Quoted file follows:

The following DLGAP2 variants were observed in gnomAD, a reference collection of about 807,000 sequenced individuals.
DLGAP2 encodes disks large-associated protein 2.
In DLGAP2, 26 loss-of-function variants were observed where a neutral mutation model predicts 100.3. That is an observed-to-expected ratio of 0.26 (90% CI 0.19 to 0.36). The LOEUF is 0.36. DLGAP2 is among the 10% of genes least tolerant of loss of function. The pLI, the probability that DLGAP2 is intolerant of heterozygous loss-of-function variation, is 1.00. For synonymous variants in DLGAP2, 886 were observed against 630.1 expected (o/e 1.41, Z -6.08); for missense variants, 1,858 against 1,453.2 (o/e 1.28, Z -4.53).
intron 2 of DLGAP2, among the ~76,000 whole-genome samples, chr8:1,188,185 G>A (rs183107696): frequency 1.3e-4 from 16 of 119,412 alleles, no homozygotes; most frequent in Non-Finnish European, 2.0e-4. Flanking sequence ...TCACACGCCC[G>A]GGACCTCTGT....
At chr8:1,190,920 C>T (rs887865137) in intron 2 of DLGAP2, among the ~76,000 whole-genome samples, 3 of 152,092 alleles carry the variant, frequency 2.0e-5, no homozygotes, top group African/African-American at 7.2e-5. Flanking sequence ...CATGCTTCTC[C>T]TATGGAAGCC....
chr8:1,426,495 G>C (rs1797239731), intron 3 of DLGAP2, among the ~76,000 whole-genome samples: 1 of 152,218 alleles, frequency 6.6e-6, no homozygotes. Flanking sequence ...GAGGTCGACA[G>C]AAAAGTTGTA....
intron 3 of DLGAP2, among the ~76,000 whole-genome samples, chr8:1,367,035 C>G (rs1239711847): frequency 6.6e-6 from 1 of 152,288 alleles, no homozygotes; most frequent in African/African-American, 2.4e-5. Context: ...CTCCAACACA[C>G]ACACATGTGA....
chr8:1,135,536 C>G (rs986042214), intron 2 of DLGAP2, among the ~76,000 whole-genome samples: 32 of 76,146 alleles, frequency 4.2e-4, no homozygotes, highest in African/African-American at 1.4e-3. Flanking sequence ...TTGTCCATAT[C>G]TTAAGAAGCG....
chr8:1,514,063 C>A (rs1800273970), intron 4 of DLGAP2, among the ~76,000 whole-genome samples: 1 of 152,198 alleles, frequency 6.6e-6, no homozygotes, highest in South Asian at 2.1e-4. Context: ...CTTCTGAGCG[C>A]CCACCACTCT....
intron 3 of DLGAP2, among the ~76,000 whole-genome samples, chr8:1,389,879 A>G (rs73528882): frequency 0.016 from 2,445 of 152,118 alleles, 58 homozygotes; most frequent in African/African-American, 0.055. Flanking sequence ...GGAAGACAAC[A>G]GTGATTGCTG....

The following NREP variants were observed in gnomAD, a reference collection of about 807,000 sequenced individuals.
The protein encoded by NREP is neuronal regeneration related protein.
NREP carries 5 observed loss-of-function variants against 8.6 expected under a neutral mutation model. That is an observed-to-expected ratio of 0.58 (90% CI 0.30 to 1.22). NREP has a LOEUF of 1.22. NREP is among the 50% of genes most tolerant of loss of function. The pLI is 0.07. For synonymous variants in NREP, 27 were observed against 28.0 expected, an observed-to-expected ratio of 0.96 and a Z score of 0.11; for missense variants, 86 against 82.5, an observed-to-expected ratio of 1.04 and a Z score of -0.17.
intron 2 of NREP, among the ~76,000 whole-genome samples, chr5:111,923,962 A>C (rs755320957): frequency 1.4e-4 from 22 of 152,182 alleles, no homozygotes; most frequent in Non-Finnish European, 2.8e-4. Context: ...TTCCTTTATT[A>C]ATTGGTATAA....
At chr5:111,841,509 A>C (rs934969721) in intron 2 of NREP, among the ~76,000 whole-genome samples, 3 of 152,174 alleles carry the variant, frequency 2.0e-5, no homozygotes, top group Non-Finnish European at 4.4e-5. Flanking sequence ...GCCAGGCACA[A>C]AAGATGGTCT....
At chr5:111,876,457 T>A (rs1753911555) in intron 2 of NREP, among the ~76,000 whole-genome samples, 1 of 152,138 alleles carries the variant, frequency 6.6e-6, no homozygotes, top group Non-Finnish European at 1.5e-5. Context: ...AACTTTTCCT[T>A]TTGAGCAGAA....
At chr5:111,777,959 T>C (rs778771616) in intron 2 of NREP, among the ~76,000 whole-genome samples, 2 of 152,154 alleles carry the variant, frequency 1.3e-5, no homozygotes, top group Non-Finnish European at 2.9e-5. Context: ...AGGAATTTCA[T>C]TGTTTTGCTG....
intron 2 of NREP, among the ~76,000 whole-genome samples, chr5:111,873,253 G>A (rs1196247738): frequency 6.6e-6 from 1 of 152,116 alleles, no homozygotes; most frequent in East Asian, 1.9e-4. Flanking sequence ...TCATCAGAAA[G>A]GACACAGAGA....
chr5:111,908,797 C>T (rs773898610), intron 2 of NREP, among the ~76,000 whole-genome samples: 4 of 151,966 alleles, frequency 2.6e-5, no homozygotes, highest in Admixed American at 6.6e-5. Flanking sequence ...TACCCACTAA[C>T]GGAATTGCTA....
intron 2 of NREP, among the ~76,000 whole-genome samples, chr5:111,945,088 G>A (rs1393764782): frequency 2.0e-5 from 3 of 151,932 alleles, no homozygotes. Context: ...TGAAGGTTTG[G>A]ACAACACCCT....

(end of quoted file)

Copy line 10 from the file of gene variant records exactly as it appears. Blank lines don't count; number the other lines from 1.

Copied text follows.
intron 3 of DLGAP2, among the ~76,000 whole-genome samples, chr8:1,389,879 A>G (rs73528882): frequency 0.016 from 2,445 of 152,118 alleles, 58 homozygotes; most frequent in African/African-American, 0.055. Flanking sequence ...GGAAGACAAC[A>G]GTGATTGCTG....